Sarah J. Hale was the editor of Godey’s Lady’s Book, one of the most influential women’s magazines of the 19th century, and a prolific writer who published nearly fifty volumes of work throughout her life, including the nursery rhyme Mary had a Little Lamb. She is also the woman we have to thank for the establishment of Thanksgiving as a national holiday.
While Thanksgiving had been celebrated since the 1600′s not all states celebrated it and there was no set date. Hale began a one woman crusade to make Thanksgiving a national holiday. Starting in 1837, Hale, a.k.a. the “godmother of Thanksgiving”, used the editorial pages of Godey’s to campaign for the holiday. In total, she lobbied no fewer than four U.S. presidents. Finally on October 3, 1863 President Abraham Lincoln issued a proclamation making the last Thursday in November Thanksgiving Day.
Thanksgiving has evolved over the years, becoming a day of celebration for all Americans, of all faiths. The following was part of Hale’s long campaign to make Thanksgiving a nationally recognized day. Her writings offer a message that seems to be as current today as ever.
OUR NATIONAL THANKSGIVING
“All the blessings of the fields,
All the stores the garden yields,
All the plenty summer pours,
Autumn’s rich, o’erflowing stores,
Peace, prosperity and health,
Private bliss and public wealth,
Knowledge with its gladdening streams,
Pure religion’s holier beams –
Lord, for these our souls shall raise
Grateful vows and solemn praise.”
We are most happy to agree with the large majority of the governors of the different States – as shown in their unanimity of action for several past years, and which, we hope, will this year be adopted by all – that the LAST THURSDAY IN NOVEMBER shall be the DAY Of NATIONAL THANKSGIVING for the American people. Let this day, from this time forth, as long as our Banner of Stars floats on the breeze, be the grand THANKSGIVING HOLIDAY of our nation, when the noise and tumult of wordliness may be exchanged for the laugh of happy children, the glad greetings of family reunion, and the humble gratitude of the Christian heart. This truly American Festival falls, this year on the twenty fifth day of this month.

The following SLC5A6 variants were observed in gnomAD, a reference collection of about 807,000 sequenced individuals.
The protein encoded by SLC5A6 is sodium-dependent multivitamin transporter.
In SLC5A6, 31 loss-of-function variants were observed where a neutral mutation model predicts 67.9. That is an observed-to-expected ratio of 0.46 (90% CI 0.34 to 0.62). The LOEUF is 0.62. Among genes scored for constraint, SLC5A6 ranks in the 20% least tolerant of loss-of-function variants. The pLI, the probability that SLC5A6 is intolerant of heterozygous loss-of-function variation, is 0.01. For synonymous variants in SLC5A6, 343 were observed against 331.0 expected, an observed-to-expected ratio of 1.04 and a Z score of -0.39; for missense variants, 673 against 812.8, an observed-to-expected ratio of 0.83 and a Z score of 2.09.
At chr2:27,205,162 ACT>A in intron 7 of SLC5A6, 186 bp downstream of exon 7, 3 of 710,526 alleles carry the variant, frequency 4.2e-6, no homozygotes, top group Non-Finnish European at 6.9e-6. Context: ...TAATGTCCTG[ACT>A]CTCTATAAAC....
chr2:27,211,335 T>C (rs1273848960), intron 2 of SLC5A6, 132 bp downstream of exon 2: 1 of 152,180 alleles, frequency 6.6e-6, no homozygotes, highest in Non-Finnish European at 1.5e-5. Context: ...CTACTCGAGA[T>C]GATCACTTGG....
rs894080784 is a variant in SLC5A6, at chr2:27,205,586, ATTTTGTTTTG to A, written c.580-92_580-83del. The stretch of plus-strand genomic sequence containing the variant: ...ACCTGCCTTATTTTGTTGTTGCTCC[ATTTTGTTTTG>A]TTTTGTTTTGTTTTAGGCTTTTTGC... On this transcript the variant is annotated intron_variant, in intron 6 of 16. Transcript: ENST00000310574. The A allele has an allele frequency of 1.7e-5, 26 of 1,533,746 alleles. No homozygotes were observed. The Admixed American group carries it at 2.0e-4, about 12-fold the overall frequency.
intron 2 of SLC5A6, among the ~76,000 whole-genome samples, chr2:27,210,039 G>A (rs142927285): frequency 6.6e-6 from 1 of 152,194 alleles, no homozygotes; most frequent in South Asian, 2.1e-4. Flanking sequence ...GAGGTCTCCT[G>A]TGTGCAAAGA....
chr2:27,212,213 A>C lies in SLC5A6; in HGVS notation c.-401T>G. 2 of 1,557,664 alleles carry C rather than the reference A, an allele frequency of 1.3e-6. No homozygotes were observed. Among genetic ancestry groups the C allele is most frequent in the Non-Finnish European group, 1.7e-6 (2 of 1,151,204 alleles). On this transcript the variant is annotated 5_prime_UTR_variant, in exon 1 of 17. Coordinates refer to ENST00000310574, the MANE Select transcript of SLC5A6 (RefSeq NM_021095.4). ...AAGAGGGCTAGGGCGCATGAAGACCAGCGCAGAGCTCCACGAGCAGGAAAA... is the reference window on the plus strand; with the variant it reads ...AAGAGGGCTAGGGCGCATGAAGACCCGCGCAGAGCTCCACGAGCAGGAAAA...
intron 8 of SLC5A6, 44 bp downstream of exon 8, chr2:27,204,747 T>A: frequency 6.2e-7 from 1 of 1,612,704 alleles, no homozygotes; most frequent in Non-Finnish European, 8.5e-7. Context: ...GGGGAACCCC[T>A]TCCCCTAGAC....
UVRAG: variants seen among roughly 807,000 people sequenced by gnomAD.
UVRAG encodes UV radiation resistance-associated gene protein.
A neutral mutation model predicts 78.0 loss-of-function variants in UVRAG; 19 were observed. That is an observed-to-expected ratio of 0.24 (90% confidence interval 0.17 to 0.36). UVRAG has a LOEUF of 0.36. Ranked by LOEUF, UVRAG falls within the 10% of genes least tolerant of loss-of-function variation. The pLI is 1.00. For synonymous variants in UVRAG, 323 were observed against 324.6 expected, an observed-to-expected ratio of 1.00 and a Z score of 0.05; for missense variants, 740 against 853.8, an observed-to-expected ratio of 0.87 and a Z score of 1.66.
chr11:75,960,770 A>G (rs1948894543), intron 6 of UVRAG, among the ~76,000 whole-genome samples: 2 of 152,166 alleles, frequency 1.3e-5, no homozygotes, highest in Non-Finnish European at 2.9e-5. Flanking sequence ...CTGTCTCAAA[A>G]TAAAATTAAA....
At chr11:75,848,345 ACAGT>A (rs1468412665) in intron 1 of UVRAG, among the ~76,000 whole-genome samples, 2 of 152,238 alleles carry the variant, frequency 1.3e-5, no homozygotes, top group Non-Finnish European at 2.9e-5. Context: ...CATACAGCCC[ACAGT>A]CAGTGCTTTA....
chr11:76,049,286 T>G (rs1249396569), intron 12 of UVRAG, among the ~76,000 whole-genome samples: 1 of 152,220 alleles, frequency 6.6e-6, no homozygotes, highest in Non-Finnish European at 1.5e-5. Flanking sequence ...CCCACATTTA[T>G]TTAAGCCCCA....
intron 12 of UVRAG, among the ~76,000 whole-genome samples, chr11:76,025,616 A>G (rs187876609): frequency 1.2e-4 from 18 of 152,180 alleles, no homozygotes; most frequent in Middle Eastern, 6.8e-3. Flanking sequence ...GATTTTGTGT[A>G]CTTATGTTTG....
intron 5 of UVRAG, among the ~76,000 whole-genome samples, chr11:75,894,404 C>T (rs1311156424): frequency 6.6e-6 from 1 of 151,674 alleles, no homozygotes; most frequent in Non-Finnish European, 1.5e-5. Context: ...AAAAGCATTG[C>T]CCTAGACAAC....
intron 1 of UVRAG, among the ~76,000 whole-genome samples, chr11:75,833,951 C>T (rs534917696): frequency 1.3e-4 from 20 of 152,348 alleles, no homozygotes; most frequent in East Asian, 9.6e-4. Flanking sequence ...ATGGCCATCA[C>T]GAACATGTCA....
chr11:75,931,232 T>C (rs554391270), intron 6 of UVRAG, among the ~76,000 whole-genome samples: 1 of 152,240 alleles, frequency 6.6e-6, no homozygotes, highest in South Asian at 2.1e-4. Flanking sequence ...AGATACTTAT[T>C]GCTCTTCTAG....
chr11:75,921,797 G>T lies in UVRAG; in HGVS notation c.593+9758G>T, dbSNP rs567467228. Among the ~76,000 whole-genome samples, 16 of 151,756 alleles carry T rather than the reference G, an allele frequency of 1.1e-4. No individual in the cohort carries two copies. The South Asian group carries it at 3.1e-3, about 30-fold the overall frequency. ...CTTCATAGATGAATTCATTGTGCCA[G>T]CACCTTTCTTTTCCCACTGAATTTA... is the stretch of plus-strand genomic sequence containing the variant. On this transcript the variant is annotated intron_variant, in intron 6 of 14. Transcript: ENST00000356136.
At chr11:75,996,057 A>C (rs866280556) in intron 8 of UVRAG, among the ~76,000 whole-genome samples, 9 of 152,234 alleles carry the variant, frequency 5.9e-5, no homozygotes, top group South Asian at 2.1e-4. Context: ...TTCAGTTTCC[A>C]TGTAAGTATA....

Let us consecrate the day to benevolence of action, by sending good gifts to the poor, and doing those deeds of charity that will, for one day, make every American home the place of plenty and of rejoicing. These seasons of refreshing are of inestimable advantage to the popular heart; and if rightly managed, will greatly aid and strengthen public harmony of feeling. Let the people of all the States and Territories sit down together to the “feast of fat things,” and drink, in the sweet draught of joy and gratitude to the Divine giver of all our blessings, the pledge of renewed love to the Union, and to each other; and of peace and good-will to all men. Then the last Thursday in November will soon become the day of AMERICAN THANKSGIVING throughout the world.